Wow! Now that Hanalei is home, the shock of her birth is starting to set in. The counsel of “nothing will ever be the same” is gaining value as Amy and I shift to the role of parents and I watch the reactions of our friends and family.
I’m surprised that everyone seems to be fixated on numbers, specifically her birth weight and length. Hanalei was 8 pounds 5 ounces, and 21 inches at birth, but what does either number really mean? Does that convey something different than if she were 8 pounds 1 ounce, or 19 inches long?
I’m just happy she’s healthy, with 10 fingers and toes, and all the needed bits in between. Now if she could just let Amy and I get needed sleep, the whole family could be much happier. And that lack of sleep is serious!Read More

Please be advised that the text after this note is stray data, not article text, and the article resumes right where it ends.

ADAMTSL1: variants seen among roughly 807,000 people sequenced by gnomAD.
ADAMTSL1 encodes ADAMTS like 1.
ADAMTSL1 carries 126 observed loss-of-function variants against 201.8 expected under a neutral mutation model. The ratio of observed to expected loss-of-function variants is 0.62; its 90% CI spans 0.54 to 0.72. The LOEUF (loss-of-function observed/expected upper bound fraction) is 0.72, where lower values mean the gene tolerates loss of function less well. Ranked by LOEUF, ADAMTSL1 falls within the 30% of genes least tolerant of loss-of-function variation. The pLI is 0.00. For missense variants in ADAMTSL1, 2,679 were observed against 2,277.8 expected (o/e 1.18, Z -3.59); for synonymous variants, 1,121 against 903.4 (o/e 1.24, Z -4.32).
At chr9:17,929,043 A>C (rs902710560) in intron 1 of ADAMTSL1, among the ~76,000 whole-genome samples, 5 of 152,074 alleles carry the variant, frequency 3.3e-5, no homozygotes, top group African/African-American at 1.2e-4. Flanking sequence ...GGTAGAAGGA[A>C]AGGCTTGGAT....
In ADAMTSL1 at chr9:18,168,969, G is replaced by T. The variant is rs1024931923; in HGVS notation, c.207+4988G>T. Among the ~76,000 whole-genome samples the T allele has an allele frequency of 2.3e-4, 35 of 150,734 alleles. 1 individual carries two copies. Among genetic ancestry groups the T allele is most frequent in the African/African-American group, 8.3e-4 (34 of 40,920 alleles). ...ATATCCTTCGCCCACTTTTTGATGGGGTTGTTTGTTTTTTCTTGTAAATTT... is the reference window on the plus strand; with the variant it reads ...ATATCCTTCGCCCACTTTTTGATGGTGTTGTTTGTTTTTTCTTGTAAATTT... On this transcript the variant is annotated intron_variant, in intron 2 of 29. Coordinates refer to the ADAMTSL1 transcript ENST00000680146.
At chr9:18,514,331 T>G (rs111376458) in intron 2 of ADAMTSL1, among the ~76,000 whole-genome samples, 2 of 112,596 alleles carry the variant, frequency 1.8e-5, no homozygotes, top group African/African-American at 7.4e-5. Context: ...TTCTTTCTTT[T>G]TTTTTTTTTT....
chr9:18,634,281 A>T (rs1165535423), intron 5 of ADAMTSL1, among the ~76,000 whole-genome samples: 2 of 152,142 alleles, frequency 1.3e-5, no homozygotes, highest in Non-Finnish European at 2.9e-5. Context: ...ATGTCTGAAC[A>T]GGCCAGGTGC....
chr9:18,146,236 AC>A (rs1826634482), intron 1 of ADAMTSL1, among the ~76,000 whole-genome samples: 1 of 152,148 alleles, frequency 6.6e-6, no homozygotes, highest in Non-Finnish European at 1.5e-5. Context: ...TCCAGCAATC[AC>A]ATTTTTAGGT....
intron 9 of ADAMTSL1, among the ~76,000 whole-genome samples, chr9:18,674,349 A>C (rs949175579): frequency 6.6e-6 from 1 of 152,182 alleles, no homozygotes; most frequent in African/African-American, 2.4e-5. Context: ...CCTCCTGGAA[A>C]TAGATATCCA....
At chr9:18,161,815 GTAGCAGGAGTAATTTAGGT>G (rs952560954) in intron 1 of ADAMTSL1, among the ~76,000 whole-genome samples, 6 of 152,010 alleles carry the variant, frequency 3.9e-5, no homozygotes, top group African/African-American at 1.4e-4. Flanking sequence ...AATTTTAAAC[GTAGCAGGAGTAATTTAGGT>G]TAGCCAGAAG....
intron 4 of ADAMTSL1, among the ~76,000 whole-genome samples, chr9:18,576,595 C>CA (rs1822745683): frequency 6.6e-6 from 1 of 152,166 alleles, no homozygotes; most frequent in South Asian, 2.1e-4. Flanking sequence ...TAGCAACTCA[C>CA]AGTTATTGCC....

In northern Mali, out beyond the famously remote Timbuktu, distances are vast and communication difficult. National borders often are less than lines in the sand, and the rule of law just a vague idea. In this power vacuum, bandits still hijack convoys, Tuareg stage rebellions, and terrorist organizations can take root and train.
Yet one brave organization is connecting remote Malian communities to reduce the threat of banditry or worse. Geekcorps Mali is building links between caravans, villagers, and local government – with information and communication technologies.
Geekcorps Mali has developed an innovative ICT intervention that marries FM radio broadcasting with Internet-enabled computers and digital audio recording to give a voice to local communities. The radio stations have become beacons of objective information and a de-facto early warning system for northern Mali and even the country as a whole.